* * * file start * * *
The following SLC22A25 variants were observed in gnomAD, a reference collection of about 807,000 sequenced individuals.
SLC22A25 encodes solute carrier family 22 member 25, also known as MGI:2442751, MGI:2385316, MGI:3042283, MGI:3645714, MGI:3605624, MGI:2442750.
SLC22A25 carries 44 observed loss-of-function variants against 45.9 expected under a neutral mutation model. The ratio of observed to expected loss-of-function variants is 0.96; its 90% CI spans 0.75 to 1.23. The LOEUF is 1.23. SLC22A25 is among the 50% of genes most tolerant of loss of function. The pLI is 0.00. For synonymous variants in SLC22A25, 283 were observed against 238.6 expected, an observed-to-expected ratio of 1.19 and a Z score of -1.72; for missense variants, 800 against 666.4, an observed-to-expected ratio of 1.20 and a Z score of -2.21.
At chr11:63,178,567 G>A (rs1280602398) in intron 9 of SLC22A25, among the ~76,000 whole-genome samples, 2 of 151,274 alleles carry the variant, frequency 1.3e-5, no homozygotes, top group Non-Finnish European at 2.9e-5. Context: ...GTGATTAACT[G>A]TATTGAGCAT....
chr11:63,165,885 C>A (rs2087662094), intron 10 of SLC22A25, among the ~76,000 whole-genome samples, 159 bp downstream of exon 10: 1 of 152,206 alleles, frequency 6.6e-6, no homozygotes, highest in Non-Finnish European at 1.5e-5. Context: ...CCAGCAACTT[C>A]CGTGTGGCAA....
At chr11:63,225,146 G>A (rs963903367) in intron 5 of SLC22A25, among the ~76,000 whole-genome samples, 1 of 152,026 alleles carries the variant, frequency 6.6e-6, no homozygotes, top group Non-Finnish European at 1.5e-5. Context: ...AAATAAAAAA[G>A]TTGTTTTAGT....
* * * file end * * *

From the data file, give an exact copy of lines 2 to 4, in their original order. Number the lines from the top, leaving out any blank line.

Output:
SLC22A25 encodes solute carrier family 22 member 25, also known as MGI:2442751, MGI:2385316, MGI:3042283, MGI:3645714, MGI:3605624, MGI:2442750.
SLC22A25 carries 44 observed loss-of-function variants against 45.9 expected under a neutral mutation model. The ratio of observed to expected loss-of-function variants is 0.96; its 90% CI spans 0.75 to 1.23. The LOEUF is 1.23. SLC22A25 is among the 50% of genes most tolerant of loss of function. The pLI is 0.00. For synonymous variants in SLC22A25, 283 were observed against 238.6 expected, an observed-to-expected ratio of 1.19 and a Z score of -1.72; for missense variants, 800 against 666.4, an observed-to-expected ratio of 1.20 and a Z score of -2.21.
At chr11:63,178,567 G>A (rs1280602398) in intron 9 of SLC22A25, among the ~76,000 whole-genome samples, 2 of 151,274 alleles carry the variant, frequency 1.3e-5, no homozygotes, top group Non-Finnish European at 2.9e-5. Context: ...GTGATTAACT[G>A]TATTGAGCAT....